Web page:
Shelf life of unopened developer

Discussion in 'UK Photography' started by Paul Giverin, Jun 18, 2009.

  1. Paul Giverin

    Paul Giverin Guest

    There's a bottle of Rodinal on ebay at the moment. The seller says its
    new but about 5 years old. Assuming that the bottle has never been
    opened and the seal is intact, is it likely to be OK at that age?

    I'm after Rodinal because I'm using Agfa APX 100 at the moment and I've
    been told that Rodinal will give great results. Regular readers will
    know that I'm a complete darkroom novice so I'd really be interested to
    find out what other developing and printing chemicals people here would
    recommend and also what papers would be best.


    Paul Giverin

    British Jet Engine Website:-

    My photos:-
    Paul Giverin, Jun 18, 2009
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  2. Paul Giverin

    Marty Fremen Guest

    If it were chemicals in powder form, still factory sealed, it might be ok,
    but assuming it's the concentrate solution I would only get it if it were a
    real bargain. Some concentrates have a shelf life of as little as one year

    You could try searching for a Rodinal data sheet to see what Agfa state as
    the storage life, most chemicals state this info in the leaflet that comes
    with the bottle. Doesn't the vendor have the instruction leaflet for it?
    Marty Fremen, Jun 18, 2009
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  3. Paul Giverin

    Bruce Guest


    I'm no expert on developers as I have used C41 process black and white
    film for several years now. The only developing I do at home is with
    paper, not film. OK, that's the caveat.

    The original Agfa Rodinal (R09) had a very long shelf life and five
    years would not be unreasonable. However, Agfa reformulated their
    Rodinal, I think in the 1980s, and the shelf life was much reduced.
    personally, I would steer well clear of any "modern" Agfa Rodinal that
    was more than a year old. 18 months tops, and only if kept in cool

    Having said that, since Agfa's demise, there have been other versions of
    this developer sold by Rollei, Foma and Calbe among others. These are
    much easier to find. Look for R09 or F09 and you will be fine:

    It was called R09 because it was the ninth "Recipe" in Agfa's list of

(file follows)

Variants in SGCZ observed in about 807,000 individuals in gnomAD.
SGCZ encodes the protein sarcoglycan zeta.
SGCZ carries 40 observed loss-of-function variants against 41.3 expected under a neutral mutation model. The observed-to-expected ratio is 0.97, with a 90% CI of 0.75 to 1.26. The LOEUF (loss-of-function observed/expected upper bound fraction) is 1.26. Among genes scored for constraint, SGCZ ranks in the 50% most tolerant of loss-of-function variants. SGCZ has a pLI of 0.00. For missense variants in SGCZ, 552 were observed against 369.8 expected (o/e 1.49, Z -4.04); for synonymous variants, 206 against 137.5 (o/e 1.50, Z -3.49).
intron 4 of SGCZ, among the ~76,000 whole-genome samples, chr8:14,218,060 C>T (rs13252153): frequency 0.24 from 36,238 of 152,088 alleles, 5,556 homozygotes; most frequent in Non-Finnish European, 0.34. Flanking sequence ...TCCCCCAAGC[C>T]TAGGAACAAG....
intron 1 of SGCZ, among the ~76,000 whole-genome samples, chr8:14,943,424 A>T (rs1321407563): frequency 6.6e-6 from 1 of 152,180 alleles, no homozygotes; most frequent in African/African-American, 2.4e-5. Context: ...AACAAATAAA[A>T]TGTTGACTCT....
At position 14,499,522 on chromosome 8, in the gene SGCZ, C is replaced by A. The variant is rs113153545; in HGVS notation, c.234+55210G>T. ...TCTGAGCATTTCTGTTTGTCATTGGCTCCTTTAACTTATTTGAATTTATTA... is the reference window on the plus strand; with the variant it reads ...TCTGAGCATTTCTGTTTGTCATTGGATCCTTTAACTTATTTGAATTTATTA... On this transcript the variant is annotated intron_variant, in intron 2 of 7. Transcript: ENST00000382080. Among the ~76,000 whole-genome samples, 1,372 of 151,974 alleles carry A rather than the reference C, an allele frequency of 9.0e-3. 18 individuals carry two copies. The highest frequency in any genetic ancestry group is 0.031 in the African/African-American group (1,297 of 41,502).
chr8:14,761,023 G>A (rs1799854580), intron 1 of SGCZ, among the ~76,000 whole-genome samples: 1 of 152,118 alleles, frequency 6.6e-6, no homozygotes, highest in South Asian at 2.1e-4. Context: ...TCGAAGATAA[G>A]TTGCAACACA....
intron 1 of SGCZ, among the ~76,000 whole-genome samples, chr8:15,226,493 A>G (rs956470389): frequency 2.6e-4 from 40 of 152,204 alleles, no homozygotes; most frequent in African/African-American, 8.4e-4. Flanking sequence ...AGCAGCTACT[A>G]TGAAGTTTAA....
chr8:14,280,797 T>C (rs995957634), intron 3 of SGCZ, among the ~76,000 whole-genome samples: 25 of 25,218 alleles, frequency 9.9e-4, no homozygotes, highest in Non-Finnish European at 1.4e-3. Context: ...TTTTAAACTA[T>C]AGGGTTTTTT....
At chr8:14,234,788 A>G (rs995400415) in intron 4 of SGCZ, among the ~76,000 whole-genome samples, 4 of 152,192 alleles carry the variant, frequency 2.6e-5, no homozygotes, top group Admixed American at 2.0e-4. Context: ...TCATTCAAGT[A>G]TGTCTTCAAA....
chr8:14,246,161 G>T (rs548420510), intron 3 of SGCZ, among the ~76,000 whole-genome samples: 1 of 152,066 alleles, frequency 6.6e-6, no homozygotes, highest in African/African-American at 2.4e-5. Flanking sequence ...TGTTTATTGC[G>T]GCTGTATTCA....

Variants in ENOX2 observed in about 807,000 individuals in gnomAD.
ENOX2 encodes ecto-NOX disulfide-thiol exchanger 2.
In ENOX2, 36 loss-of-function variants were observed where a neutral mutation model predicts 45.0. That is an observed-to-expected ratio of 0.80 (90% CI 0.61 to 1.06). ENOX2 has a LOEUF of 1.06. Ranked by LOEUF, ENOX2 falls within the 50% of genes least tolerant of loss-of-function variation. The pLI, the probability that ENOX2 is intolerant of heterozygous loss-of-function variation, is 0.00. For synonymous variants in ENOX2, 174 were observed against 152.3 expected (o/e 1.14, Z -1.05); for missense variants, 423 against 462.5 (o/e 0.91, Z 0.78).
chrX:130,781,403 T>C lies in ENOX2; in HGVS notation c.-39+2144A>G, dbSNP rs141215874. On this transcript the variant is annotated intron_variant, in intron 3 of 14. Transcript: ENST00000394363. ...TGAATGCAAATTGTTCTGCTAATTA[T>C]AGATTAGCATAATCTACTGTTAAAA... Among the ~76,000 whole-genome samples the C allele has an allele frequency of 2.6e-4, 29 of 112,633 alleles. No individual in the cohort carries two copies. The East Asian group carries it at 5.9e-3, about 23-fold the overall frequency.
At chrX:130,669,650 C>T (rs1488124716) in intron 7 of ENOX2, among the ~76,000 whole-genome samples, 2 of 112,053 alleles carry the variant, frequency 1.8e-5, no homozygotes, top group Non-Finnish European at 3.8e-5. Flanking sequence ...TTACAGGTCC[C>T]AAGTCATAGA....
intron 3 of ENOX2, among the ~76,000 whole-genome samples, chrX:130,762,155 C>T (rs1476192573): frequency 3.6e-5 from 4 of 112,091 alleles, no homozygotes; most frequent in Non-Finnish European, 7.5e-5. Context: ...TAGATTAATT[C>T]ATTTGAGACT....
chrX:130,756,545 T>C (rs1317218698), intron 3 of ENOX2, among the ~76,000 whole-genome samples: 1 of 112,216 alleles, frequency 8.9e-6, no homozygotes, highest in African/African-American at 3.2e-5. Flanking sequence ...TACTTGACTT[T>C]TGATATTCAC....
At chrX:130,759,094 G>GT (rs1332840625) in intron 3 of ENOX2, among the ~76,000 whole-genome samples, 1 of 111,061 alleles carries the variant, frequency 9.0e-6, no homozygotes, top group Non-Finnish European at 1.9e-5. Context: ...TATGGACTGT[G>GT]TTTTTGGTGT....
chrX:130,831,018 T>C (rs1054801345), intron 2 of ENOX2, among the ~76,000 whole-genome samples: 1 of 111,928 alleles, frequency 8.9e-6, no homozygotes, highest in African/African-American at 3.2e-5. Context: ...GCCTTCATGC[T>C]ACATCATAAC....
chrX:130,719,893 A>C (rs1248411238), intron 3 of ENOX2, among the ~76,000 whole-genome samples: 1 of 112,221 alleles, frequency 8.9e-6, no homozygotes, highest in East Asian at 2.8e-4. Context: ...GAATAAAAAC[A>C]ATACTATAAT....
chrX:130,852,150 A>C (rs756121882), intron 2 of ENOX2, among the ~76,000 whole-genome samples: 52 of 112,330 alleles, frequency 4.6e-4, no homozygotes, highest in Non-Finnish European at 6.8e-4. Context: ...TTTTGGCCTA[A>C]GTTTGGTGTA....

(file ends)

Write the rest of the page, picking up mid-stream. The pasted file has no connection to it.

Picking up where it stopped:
chemicals. I think F09 probably refers to "Formulation" or "Formula".

    In general, Rodinal is good for slow to medium speed films - anything up
    to ISO 100. It is not suitable for anything faster as it tends to
    overly emphasise grain. It produces some truly ghastly results with
    high speed films - ISO 800 and above!

    If you want to become a real darkroom nerd, you can buy the basic
    chemicals and make your own Rodinal according to various recipes
    available online. I doubt you would save much money, and they are
    pretty nasty compounds. But you might enjoy it. ;-)

    Alternatively, there are the trusty old formulations Kodak D-76 and
    Ilford ID-11. Search on eBay for "Ilford (ID11,ID-11)" without the
    quotation marks. There's plenty of it around - your local Jessops might
    even order it in for you. Search for ID11 on their web site.

    I experimented with Ilford's Microphen and Perceptol after my all-time
    favourite Tetenal Neofin developers went out of production. However, to
    be quite honest, the sheer consistency I get from Kodak BW400CN
    developed in C41 chemicals in 1 hour at ASDA/Wal-Mart would take a lot
    of beating. I expose anywhere from ISO 100 to 1000 and it just *works*.
    So I put all my effort into getting the prints just right.

    Good luck,

    Bruce, Jun 18, 2009
  4. Paul Giverin

    Bruce Guest

    Sorry, should have said ISO 125. It works well enough with Ilford HP4
    but less well with HP5.
    Bruce, Jun 19, 2009
  5. Paul Giverin

    JDA Guest

    Even if the bottle is opened it is very likely to be fine. O.K. it is
    sure to be fine :). Rodinal is not a fine grain developer, but it gives
    great results with APX 100, in my opinion. My favorite developer. Don't
    use the developing times suggested by agfa, they tend to be very long.
    Try 1+50 and as a starting point, use the times from the digitaltruth.
    Don't over agitate. You can try also stand developing, 1+100, 1 minute
    continuous agitation and 1 hour stand. Incredible sharpness and very
    fine grain!. Enjoy

    JDA, Jun 19, 2009
  6. Paul Giverin

    Paul Giverin Guest

    Lots to think about there. Thanks to you and to everyone else who

    Paul Giverin

    British Jet Engine Website:-

    My photos:-
    Paul Giverin, Jun 21, 2009
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